The appraisers' task was a large one. As already indicated, CLI's principal assets included investment in marketable securities, two closely held subsidiary companies (SWCA and SWPCC), and real estate consisting of a shopping center in Sunnyvale, California. Except for the shopping center rental income, most of its income was derived from dividends.

Southwestern Cement Associates (SWCA) owned no real estate or any other assets except for its investment in Southwestern Portland Cement Company. Its income was derived from dividends from that investment.

Southwestern Portland Cement Company is a closely held West Virginia corporation, owning quarries and manufacturing facilities in California, Ohio and Texas for the production and marketing of cement. SWPCC also owned two subsidiary companies--Vortec Products Company, a California corporation which manufactures particle classifying equipment, and Mojave Northern Railroad Company, a corporate private carrier owning a certain right of way. SWPCC also owns a 25 percent interest in Black River Mining Company joint venture, a limestone mining operation.

All of these major properties were inspected by the appraisers and all relevant data secured.

Southdown's objections to the court confirmation of the appraisal report are three. First, it complains that the report did not assign specific weights to the three elements of valuation, that is, the market cost and income elements or approaches to value. We summarily reject this complaint. One of the proposed instructions submitted to the court would have required the appraisers to weight each element. That instruction was rejected and changed to read that the appraisers 'shall detail the factors considered and the reasoning leading to the conclusion of valuation.' This change was approved by both parties.

Second, Southdown asserts that the appraisal report is unreliable since it failed to consider and give weight to the consequence of the termination of dividend payments on the common stock of CLI, SWCA, and SWPCC.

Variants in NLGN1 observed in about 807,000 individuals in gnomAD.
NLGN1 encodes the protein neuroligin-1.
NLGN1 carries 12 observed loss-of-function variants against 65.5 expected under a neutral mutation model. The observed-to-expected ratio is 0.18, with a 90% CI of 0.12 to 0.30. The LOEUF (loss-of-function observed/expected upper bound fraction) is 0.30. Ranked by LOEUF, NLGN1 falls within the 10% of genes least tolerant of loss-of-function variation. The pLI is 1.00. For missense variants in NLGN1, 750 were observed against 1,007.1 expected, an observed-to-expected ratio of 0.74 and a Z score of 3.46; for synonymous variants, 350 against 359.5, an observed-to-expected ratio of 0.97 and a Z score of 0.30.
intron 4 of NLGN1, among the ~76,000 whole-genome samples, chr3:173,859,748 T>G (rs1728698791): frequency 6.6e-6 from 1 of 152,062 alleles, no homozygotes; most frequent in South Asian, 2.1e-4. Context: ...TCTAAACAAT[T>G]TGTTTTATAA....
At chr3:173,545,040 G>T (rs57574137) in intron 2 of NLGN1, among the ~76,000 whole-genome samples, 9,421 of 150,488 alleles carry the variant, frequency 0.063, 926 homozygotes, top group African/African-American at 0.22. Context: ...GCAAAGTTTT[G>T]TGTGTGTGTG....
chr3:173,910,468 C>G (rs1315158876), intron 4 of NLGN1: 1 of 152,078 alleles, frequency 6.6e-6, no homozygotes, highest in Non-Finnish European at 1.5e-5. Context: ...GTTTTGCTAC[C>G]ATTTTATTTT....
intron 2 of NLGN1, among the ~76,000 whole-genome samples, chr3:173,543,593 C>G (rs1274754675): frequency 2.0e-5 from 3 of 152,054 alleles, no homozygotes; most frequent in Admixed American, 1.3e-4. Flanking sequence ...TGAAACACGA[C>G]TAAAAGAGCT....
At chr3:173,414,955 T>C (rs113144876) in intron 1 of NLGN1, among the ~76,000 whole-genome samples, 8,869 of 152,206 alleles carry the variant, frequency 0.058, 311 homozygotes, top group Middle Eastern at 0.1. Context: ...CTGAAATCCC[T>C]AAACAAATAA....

Third, Southdown contends that the appraisal report is unreliable since it failed to consider and give effect to the market price of the stock of CLI, SWCA and SWPCC. We turn to consider the second and third contentions in the light of the relevant facts appearing from the record before us.

1. Certain preliminary observations may be useful. When reviewing court confirmation of an appraisal report, the findings of the appraisers are not to be disturbed unless clearly wrong. Application of Delaware Racing Association, 213 A.2d 203, 207 (Del.1965); Jeffrey v. American Screw Company, 201 A.2d 146, 152 (R.I.1964); American General Corporation v. Camp, 171 Md. 629, 190 A. 225, 230 (1937). This standard is not dissimilar to that governing an ordinary trial before a court where we are not to set aside the findings made unless they are clearly erroneous. NRCP 52(a).

The words 'fair cash value' as used in NRS 78.510 have been construed by courts elsewhere to mean the intrinsic value of the dissenting shareholder's interest determined from the assets and liabilities of the corporation considered in the light of every factor bearing on value. Roessler v. Security Savings & Loan Co., 147 Ohio St. 480, 72 N.E.2d 259, 260 (1947); Lucas v. Pembroke Water Co., 205 Va. 84, 135 S.E.2d 147, 150 (1964); Porter v. C. O. Porter Machinery Co., 336 Mich. 437, 58 N.W.2d 135, 136 (1953); Adams v. United States Distributing Corporation, 184 Va. 134, 34 S.E.2d 244, 250 (1945). We so construe NRS 78.510. The instructions of the court herebefore mentioned appear to have had this general concept in mind.

a) Southdown asks that we reject the appraisal report as unreliable since it failed to consider and give weight to the consequence of the termination of dividend payments on the common stock of CLI, SWCA and SWPCC.

In March of 1970, Southdown assumed the direction and control of those companies, and elected no longer to pay regular dividends on the common stock thereof. It is Southdown's position that such decision was the responsibility of the directors; that shareholders do not have a vested right to receive dividends. Perhaps this is true. Southwestern Portland Cement Co. v. Latta & Happer, 193 S.W. 1115 (Tex.Civ.App.1917). It does not inevitably follow, however, as Southdown contends, that the failure to pay dividends on common stock reflects a diminished value of that stock. Low dividends, or even the absence of dividends, are not necessarily a sign of financial weakness. Perhaps the directors preferred to retain earnings in the business for the purpose of expansion, or for a variety of other reasons, rather than to pay dividends. Funds paid out in dividends are not available for corporate growth. On the other hand, continued corporate earnings without the payment of dividends would increase the equity value of the stock. Thus, it would seem that the capacity of the company to pay dividends would carry greater weight in valuing the shareholder's interest than would consideration of...